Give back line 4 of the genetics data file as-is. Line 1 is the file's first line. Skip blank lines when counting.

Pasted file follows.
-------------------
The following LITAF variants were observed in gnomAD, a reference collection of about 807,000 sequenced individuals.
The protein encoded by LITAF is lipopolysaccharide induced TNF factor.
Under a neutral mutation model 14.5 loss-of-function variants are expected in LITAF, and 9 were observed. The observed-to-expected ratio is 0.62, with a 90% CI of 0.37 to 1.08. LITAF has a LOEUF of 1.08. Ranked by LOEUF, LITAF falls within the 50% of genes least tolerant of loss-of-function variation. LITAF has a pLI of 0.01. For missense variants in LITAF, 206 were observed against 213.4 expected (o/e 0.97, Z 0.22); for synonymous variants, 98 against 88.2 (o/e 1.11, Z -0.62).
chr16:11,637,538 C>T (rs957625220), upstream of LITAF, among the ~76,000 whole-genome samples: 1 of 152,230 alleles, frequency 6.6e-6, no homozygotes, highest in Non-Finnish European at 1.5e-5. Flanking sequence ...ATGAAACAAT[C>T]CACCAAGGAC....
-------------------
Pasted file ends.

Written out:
chr16:11,637,538 C>T (rs957625220), upstream of LITAF, among the ~76,000 whole-genome samples: 1 of 152,230 alleles, frequency 6.6e-6, no homozygotes, highest in Non-Finnish European at 1.5e-5. Flanking sequence ...ATGAAACAAT[C>T]CACCAAGGAC....